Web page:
We’re off to visit daughter Emily in Barcelona soon. And it’s about time we stopped being so dependant on her to be our mouth-piece when we’re there. It’s about time we stopped expecting her boyfriend to make all the effort of speaking in a less-than-familiar language. It’s about time we took a grip, and learned some Spanish.
Yes, I know. In Barcelona, Catalan is the preferred language. But if we want to travel more widely in Spain, given that everyone in Barcelona speaks Spanish too, Spanish it’s going to be.
I looked for Adult Education classes to help me. There was nothing for beginners here in Ripon, and I didn’t fancy a 35 mile round trip to Northallerton or Harrogate for a weekly session. The U3A here in Ripon has a class, but they’ve been going quite a while and are on book two of their chosen text-book. In any case, there’s not a native speaker in their midst to correct idiom or accent.
So I’ve looked to the internet. And being a tight-fisted sort, I’ve looked at what’s out there for free. There’s quite a lot. The advantage for me has been that the lessons these courses provide come in bite-sized packages, which encourages me to learn little and often. The big disadvantage is that I don’t really get to speak: and if I do, there’s nobody to correct me.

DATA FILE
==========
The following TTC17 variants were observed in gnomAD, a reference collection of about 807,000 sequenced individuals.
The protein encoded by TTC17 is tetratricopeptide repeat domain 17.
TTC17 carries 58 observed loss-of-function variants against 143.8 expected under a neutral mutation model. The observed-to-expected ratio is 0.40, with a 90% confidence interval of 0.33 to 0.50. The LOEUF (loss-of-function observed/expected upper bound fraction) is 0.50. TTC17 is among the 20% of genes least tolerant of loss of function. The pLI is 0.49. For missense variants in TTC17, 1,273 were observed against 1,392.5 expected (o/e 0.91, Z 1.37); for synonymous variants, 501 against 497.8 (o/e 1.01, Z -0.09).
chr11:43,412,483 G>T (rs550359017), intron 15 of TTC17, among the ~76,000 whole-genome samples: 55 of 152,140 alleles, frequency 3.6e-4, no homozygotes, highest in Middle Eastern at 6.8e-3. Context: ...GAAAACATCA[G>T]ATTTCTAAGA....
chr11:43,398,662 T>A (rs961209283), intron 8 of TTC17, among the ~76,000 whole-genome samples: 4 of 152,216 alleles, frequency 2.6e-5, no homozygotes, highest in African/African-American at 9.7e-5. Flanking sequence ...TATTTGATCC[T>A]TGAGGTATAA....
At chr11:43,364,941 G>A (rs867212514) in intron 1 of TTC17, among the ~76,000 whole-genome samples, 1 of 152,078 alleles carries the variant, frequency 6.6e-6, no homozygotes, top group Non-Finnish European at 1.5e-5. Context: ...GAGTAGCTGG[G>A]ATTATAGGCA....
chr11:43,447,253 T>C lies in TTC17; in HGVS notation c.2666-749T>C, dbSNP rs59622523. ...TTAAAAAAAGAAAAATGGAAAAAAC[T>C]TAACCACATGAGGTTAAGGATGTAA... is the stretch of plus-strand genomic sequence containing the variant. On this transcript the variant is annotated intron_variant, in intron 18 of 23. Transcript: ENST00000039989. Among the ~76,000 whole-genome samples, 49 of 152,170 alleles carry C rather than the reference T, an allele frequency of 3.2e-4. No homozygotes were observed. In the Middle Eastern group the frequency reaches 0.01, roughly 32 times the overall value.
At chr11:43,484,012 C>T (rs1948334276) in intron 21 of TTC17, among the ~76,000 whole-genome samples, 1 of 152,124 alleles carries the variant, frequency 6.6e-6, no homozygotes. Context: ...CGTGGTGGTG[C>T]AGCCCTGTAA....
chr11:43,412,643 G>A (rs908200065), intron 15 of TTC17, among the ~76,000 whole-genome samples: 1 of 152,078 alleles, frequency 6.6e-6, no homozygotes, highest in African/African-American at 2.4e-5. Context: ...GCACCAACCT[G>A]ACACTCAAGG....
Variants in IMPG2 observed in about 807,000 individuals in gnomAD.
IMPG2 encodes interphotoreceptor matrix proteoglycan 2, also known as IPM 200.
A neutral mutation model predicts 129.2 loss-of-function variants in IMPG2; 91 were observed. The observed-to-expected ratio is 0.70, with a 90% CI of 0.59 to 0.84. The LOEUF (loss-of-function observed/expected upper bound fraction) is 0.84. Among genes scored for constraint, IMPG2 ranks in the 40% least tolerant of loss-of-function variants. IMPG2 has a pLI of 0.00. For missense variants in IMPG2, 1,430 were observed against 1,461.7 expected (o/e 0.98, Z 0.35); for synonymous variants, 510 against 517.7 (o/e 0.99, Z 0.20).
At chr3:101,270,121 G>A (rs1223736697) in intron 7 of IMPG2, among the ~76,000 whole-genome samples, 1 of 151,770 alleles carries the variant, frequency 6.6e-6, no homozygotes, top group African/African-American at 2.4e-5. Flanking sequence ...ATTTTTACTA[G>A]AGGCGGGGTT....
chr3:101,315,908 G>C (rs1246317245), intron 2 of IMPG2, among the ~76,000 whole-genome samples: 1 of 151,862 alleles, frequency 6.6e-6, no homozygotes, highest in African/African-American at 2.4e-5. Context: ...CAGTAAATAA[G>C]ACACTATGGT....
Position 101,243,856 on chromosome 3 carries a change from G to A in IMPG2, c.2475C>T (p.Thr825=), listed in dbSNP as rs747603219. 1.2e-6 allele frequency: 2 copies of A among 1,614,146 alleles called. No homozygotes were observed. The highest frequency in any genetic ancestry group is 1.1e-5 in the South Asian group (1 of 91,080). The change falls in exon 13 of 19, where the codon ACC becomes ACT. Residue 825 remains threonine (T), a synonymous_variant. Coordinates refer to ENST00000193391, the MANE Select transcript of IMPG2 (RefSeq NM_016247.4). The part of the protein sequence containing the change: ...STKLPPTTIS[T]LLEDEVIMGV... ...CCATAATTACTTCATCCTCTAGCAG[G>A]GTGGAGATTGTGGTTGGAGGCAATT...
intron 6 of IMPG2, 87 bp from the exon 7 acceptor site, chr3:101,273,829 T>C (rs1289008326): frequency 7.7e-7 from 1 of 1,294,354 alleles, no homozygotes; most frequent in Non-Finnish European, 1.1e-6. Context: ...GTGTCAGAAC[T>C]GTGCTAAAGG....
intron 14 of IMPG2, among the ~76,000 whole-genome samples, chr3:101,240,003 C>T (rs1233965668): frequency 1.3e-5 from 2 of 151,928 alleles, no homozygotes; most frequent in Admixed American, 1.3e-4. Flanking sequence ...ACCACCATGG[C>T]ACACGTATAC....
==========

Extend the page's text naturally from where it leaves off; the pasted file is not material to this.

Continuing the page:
There’s Duolingo, which takes me through families of words, using simple sentence structures, and testing my ability to understand and to remember. I’m not likely to forget about that crab that drinks milk, or my brother (haven’t got a brother) who wears yellow trousers.
Then there’s Games for Language. American David, who has a Spanish dad, is travelling round Spain. Through ‘virtual’ card games and arcade-type games, I’ve learnt the Spanish I need to understand his travels.
FluentU is good. From Lesson 1 it uses short video clips from Spanish TV commercials, children’s broadcasts and so forth to teach Spanish…. as she is spoke: that is – fast and furious. I can tell you all you’ll ever need to know about Maradona eating at MacDonald’s.
And my latest discovery is Memrise: this offers you structured sentences and vocabulary, and makes you repeat them and repeat them till you jolly well get it right. And then, a few days later, it’ll be checking to see if you’ve forgotten.
You must think I spend my whole life slogging away at Spanish. I don’t. It’s 10 minutes here and there. But it IS every day. I’ll let you know whether it’s paid dividends when I’m back from Barcelona.